Vicki Quade, creator of “Put the Nuns in Charge” and co-writer of “Late Nite Catechism,” has put together an interactive show filled with Catholic humor. Our Lady of Good Fortune is in need of money. So, Mrs. Mary Margaret O’Brien (Vicki Quade) decides to host a good old-fashioned bingo fundraiser.
As with “Late Nite Catechism” the host of “Bible Bingo” rotates among several actresses. The show is scripted, but is lightly improvised based on audience participation. Quade had little trouble entertaining the largely Catholic audience the night I attended. She is a truly gifted improviser. Even her conversations with a few rather tipsy audience members were handled with the utmost professionalism and cunning humor, commenting that they were “filled with spirit, but not the Holy Spirit.” Her quick wit solidifies why “Late Nite Catechism” has been running for more than twenty years.
The set looks like a typical Catholic school classroom—large teacher’s desk, chalkboard, bookcase and walls lined with the cursive alphabet, presidents of the United States and images of saints. As in any class, participation is key to getting the most out of it. Upon entering the theater, audience members select a bingo card. Quade greets the “players” and talks briefly about why they are there—to raise funds for the Church. In her greeting she presents the “Ten Commandments of Bingo,” which are shown to the audience on cardboard tablets. A volunteer helper is then selected from the audience, asked to shuffle a deck of bingo cards and pick prizes, and the real fun begins.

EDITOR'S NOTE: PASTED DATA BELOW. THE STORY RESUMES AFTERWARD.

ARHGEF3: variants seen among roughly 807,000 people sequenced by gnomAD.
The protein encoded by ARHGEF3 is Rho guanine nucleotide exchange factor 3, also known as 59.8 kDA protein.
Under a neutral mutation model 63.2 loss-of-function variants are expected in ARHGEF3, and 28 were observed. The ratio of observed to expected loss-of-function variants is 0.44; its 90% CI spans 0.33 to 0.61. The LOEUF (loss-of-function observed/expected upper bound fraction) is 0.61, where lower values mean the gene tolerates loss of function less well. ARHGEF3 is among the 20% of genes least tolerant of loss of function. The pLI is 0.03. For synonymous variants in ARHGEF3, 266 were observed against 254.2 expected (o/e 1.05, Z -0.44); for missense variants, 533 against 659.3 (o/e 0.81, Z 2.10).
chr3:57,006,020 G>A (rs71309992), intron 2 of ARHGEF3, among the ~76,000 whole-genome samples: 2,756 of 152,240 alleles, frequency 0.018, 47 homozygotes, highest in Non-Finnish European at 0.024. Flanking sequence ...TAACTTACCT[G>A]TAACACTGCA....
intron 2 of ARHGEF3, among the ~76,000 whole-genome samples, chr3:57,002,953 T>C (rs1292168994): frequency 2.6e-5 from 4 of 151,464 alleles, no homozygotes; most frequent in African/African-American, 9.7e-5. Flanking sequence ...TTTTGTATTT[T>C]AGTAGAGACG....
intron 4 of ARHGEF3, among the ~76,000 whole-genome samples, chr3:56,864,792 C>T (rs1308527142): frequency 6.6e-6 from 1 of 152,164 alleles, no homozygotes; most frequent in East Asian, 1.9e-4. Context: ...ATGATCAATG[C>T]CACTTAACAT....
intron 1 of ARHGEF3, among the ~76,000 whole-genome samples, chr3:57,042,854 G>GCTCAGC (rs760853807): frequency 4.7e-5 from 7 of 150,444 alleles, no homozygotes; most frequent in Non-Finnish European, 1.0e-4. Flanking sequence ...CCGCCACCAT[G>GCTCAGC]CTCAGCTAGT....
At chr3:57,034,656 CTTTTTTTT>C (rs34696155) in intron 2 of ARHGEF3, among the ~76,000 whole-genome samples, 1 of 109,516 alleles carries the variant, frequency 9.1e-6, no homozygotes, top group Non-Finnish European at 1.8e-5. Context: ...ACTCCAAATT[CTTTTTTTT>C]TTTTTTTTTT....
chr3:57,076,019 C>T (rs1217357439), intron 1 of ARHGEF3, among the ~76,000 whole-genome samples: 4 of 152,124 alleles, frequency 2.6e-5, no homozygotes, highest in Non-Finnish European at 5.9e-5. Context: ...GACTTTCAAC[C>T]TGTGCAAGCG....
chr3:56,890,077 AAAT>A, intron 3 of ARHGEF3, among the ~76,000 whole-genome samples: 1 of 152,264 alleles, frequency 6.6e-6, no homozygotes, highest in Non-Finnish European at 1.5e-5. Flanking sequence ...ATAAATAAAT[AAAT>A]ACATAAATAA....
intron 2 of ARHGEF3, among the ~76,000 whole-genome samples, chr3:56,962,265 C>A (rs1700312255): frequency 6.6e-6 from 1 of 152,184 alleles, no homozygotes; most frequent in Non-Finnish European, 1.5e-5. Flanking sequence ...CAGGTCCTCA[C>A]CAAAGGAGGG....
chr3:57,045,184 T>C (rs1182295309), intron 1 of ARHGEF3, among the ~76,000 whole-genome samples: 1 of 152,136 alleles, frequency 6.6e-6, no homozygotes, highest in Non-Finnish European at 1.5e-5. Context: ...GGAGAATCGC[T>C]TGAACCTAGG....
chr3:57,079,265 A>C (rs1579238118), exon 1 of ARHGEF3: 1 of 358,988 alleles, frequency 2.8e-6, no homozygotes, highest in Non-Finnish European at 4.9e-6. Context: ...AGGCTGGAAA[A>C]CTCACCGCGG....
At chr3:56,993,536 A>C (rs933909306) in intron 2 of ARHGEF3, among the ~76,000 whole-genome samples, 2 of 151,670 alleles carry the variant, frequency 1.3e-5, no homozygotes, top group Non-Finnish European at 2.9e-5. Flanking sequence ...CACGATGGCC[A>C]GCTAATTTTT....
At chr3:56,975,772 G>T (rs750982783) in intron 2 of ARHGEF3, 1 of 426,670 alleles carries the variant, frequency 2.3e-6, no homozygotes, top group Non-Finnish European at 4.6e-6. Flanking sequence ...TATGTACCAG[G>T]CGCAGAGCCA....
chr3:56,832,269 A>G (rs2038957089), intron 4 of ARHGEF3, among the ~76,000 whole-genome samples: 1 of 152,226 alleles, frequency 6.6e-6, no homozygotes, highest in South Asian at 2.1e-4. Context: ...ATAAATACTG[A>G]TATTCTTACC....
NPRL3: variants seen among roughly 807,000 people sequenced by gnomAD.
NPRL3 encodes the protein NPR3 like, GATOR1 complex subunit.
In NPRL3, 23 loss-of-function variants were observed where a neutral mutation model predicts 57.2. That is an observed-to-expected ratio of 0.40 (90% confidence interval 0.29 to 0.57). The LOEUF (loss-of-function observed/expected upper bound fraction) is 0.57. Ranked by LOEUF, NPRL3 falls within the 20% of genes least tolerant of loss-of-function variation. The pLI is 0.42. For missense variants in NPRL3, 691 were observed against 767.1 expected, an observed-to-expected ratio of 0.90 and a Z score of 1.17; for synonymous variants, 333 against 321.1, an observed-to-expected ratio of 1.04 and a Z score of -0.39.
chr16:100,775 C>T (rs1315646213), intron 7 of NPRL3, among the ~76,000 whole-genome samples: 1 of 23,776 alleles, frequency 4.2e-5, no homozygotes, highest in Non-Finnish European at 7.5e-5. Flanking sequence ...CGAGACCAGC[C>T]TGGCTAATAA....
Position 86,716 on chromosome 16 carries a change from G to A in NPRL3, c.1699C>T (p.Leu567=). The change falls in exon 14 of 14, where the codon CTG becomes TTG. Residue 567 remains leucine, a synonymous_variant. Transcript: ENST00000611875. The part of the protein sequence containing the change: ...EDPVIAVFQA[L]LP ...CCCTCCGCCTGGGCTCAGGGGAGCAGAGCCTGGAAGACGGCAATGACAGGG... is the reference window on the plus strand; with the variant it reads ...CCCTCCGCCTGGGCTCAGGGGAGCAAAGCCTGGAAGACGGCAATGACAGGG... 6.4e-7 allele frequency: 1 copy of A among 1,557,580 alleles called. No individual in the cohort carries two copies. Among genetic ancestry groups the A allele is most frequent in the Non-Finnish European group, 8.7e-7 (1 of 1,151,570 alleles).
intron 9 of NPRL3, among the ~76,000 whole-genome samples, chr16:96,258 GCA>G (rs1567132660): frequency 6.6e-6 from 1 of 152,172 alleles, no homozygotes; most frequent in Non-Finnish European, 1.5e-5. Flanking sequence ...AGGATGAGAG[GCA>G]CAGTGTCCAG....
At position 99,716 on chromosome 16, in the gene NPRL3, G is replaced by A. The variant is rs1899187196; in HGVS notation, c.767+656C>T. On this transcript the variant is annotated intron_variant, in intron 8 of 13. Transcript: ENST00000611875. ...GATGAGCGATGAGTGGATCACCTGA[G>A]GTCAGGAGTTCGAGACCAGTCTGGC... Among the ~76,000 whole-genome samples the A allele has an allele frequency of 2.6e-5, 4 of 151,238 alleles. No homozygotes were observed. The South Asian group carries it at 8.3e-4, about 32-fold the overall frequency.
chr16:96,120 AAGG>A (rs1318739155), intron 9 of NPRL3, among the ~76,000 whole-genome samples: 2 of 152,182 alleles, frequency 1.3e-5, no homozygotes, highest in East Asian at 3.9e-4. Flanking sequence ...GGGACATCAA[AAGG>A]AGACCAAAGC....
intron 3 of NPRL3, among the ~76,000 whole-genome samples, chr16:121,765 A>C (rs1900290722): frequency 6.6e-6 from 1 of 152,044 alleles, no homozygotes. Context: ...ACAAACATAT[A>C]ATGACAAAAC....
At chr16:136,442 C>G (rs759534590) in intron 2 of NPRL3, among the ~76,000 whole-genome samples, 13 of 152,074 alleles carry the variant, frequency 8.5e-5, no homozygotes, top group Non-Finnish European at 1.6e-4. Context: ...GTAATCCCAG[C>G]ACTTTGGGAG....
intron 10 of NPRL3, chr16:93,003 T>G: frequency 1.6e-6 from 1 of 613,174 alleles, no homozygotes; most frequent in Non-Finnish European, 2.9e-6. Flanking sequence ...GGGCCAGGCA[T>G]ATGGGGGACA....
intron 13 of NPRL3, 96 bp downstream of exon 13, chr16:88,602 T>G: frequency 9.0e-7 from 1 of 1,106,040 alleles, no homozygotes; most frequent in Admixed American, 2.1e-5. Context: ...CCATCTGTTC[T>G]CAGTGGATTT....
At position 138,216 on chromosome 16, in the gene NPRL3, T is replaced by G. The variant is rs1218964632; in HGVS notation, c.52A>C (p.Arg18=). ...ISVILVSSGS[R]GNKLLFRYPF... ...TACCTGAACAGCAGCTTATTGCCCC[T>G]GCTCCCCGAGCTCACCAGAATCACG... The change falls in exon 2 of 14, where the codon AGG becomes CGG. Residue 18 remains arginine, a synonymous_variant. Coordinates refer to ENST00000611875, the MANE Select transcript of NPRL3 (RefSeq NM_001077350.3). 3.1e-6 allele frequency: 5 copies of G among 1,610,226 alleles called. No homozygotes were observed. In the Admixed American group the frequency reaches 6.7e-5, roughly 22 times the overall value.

While the bingo games are fairly traditional (4-corners, diagonals, inside square, etc.), a few games are more religiously themed, like cross and “H” (Heaven/Hell) games. Between games and as numbers are called, religious trivia is interspersed. And, yes, there are prizes. Holy cards, glow in the dark rosaries, various religious necklaces, and even some old records, among other things.
In the tradition of most interactive shows and every Catholic school, latecomers are called out; some are even asked to give a dollar to charity, which Quade gladly accepts. Through collections and performances, Quade and her company have raised more than $2 million for various orders of nuns around the world. So, although some of the humor may make some folks a bit uncomfortable, it’s fair to say the premise of the show can leave audience members of any age and religion feeling like winners. Isn’t that what a good game of bingo is all about? (Mary Kroeck)
Royal George Theatre, 1641 North Halsted, (312)988-9000, theroyalgeorgetheatre.com. $30. Open Run.